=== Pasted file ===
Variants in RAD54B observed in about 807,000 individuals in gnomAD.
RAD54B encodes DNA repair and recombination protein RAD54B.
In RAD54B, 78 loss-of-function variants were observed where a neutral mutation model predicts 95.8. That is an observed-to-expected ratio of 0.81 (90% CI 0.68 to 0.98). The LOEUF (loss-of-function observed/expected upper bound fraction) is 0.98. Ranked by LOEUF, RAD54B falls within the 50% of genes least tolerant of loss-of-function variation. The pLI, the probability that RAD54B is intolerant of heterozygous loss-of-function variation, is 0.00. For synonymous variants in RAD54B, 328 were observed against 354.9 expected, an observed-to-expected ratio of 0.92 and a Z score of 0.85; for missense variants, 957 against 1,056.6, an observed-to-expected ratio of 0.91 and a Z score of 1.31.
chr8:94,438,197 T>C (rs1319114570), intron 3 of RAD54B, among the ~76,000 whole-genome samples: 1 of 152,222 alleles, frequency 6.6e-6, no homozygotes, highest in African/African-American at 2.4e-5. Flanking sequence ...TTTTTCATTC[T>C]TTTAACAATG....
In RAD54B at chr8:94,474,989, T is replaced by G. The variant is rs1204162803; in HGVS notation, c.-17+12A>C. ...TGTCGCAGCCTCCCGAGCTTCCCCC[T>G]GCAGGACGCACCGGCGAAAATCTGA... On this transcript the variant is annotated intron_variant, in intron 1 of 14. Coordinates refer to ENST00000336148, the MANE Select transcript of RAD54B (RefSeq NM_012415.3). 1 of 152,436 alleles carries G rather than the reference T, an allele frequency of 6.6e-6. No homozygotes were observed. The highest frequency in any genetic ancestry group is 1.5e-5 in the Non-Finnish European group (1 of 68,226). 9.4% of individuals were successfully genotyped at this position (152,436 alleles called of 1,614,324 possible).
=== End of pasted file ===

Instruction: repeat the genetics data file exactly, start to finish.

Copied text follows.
Variants in RAD54B observed in about 807,000 individuals in gnomAD.
RAD54B encodes DNA repair and recombination protein RAD54B.
In RAD54B, 78 loss-of-function variants were observed where a neutral mutation model predicts 95.8. That is an observed-to-expected ratio of 0.81 (90% CI 0.68 to 0.98). The LOEUF (loss-of-function observed/expected upper bound fraction) is 0.98. Ranked by LOEUF, RAD54B falls within the 50% of genes least tolerant of loss-of-function variation. The pLI, the probability that RAD54B is intolerant of heterozygous loss-of-function variation, is 0.00. For synonymous variants in RAD54B, 328 were observed against 354.9 expected, an observed-to-expected ratio of 0.92 and a Z score of 0.85; for missense variants, 957 against 1,056.6, an observed-to-expected ratio of 0.91 and a Z score of 1.31.
chr8:94,438,197 T>C (rs1319114570), intron 3 of RAD54B, among the ~76,000 whole-genome samples: 1 of 152,222 alleles, frequency 6.6e-6, no homozygotes, highest in African/African-American at 2.4e-5. Flanking sequence ...TTTTTCATTC[T>C]TTTAACAATG....
In RAD54B at chr8:94,474,989, T is replaced by G. The variant is rs1204162803; in HGVS notation, c.-17+12A>C. ...TGTCGCAGCCTCCCGAGCTTCCCCC[T>G]GCAGGACGCACCGGCGAAAATCTGA... On this transcript the variant is annotated intron_variant, in intron 1 of 14. Coordinates refer to ENST00000336148, the MANE Select transcript of RAD54B (RefSeq NM_012415.3). 1 of 152,436 alleles carries G rather than the reference T, an allele frequency of 6.6e-6. No homozygotes were observed. The highest frequency in any genetic ancestry group is 1.5e-5 in the Non-Finnish European group (1 of 68,226). 9.4% of individuals were successfully genotyped at this position (152,436 alleles called of 1,614,324 possible).